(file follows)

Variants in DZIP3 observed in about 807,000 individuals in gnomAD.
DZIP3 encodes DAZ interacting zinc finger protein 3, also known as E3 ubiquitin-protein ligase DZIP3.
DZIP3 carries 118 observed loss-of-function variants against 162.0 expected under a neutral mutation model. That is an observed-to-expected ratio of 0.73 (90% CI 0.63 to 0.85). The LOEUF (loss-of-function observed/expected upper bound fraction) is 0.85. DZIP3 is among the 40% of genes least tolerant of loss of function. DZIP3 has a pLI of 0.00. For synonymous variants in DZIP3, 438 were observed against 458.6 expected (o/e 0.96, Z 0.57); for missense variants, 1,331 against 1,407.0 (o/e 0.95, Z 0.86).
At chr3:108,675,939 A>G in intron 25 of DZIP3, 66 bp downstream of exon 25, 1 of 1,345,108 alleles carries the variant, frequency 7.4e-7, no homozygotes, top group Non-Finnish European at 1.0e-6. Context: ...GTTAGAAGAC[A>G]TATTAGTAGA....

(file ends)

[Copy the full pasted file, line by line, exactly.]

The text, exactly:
Variants in DZIP3 observed in about 807,000 individuals in gnomAD.
DZIP3 encodes DAZ interacting zinc finger protein 3, also known as E3 ubiquitin-protein ligase DZIP3.
DZIP3 carries 118 observed loss-of-function variants against 162.0 expected under a neutral mutation model. That is an observed-to-expected ratio of 0.73 (90% CI 0.63 to 0.85). The LOEUF (loss-of-function observed/expected upper bound fraction) is 0.85. DZIP3 is among the 40% of genes least tolerant of loss of function. DZIP3 has a pLI of 0.00. For synonymous variants in DZIP3, 438 were observed against 458.6 expected (o/e 0.96, Z 0.57); for missense variants, 1,331 against 1,407.0 (o/e 0.95, Z 0.86).
At chr3:108,675,939 A>G in intron 25 of DZIP3, 66 bp downstream of exon 25, 1 of 1,345,108 alleles carries the variant, frequency 7.4e-7, no homozygotes, top group Non-Finnish European at 1.0e-6. Context: ...GTTAGAAGAC[A>G]TATTAGTAGA....